More auto financiers willing to approve bad credit loans; sets easier payment terms

When the global fiscal crisis hit the economy in 2008, approval for bad credit loans from big banks such as the Bank of America and Capital One bank proved very difficult. Banks are often doubtful of an applicant’s capacity to pay back loan on time. So to make sure it’s a secure loan, banks conduct a thorough check on credit records. Often, this long process of digging into credit records coupled with high interest rates discourage people, especially those with poor credit scores, to get loans.

Those whose credit scores fall anywhere between 680 and 739 might have to pay a 4.5% annual percentage rate on their loans. People with credit scores below 680 will have to pay a much bigger annual percentage rate ranging from 6.5% to 12.9%.

Lenders entice borrowers with more flexible terms

But loan experts say the situation is slowly changing. According to a study by the Experian Automotive, the auto financing industry is approving more car loans even for those with poor credit standing. In the first three months of 2012, the average credit score for new vehicle buyers was up at 760. On the other hand, the average credit score for buyers of used vehicles fell four points to 659.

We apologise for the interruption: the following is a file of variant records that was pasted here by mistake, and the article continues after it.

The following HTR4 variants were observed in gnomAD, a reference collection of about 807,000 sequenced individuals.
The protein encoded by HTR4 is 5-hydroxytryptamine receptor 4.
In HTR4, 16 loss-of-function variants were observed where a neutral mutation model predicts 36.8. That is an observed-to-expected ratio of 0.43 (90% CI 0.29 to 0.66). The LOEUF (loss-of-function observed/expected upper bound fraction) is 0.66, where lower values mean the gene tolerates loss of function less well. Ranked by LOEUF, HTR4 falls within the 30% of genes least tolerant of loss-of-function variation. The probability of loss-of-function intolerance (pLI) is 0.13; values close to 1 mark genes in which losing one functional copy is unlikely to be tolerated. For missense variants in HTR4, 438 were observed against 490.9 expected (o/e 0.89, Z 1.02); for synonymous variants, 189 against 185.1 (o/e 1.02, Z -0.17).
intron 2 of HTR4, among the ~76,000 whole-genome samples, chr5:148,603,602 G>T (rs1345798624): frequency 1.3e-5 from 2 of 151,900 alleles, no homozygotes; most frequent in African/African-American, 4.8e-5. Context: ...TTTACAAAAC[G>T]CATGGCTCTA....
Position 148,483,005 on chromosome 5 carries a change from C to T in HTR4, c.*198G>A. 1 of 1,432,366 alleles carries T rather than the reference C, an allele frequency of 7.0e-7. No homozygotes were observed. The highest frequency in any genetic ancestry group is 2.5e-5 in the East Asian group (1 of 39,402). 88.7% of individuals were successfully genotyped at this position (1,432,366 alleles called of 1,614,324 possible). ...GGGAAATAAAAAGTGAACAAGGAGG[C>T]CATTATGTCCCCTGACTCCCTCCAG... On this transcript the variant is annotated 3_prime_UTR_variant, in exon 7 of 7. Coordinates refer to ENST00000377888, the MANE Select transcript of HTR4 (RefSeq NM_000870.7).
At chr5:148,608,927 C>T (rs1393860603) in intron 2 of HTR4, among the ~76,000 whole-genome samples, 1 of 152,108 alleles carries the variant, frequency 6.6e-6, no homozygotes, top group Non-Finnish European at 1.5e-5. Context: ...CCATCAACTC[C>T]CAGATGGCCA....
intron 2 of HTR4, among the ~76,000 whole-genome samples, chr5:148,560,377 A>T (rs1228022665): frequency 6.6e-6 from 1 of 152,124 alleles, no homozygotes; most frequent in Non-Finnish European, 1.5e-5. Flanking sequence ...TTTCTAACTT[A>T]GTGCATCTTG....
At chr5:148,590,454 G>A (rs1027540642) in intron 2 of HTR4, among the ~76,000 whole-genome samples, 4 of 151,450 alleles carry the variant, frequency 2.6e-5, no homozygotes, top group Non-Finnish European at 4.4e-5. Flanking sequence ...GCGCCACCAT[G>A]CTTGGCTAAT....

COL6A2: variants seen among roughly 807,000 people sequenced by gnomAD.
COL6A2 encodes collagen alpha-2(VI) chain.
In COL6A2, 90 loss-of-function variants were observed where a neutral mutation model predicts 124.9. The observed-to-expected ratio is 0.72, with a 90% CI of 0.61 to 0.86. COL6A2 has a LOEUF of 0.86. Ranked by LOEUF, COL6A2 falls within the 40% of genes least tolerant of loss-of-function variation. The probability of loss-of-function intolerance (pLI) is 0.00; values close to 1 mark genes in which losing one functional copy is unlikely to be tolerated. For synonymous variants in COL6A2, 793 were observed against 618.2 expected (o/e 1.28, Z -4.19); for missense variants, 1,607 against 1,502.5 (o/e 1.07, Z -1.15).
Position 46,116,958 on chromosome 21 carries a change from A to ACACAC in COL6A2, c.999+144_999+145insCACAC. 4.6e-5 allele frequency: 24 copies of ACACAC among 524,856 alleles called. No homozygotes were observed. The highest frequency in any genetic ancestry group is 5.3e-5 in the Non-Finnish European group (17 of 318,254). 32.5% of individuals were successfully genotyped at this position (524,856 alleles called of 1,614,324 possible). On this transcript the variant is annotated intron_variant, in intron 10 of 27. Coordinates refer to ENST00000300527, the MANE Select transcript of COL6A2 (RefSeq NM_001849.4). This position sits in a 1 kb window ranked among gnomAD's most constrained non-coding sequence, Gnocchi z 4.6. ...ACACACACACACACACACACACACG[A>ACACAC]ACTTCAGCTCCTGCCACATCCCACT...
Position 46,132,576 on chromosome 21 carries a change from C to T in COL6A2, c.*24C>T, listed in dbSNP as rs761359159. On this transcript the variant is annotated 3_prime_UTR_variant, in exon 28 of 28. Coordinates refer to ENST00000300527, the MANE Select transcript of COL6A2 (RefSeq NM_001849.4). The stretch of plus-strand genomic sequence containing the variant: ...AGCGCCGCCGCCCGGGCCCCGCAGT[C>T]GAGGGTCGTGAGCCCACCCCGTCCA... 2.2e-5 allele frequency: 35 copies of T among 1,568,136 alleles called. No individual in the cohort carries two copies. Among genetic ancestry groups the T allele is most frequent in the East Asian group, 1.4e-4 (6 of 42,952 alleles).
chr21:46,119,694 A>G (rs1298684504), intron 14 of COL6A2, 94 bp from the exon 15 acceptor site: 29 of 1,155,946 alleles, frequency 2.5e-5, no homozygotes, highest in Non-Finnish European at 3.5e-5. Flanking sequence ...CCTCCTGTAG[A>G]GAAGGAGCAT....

Analysts think lending firms tend to be more willing to make more loans to subprime borrowers, whose credit scores are between 550 to 619. According to Experian’s quarterly credit analysis, in the first quarter of 2012 car loans to buyers with nonprime (620 to 679) to deep subprime (below 550) credit scores increased by 11.4%. The study also found that lending firms now offer lower monthly interest rates and work out more flexible terms. This new scheme has enticed more borrowers into getting bigger loans. The average auto loans for new cars climbed up to $25, 995. Auto loan rates for used vehicles also went up to $17,050.

Why lenders are willing to finance more loans

Insiders say more lending firms are willing to lend money because more debtors are paying back their loans on time. Financial reports indicate that the number of late payments has dramatically decreased to 12.1% and that cases of vehicle repossession went down by 37.1%. To lending firms, the subprime bracket seems attractive because if the risk is managed properly, the higher interest rates charged to these borrowers can be huge.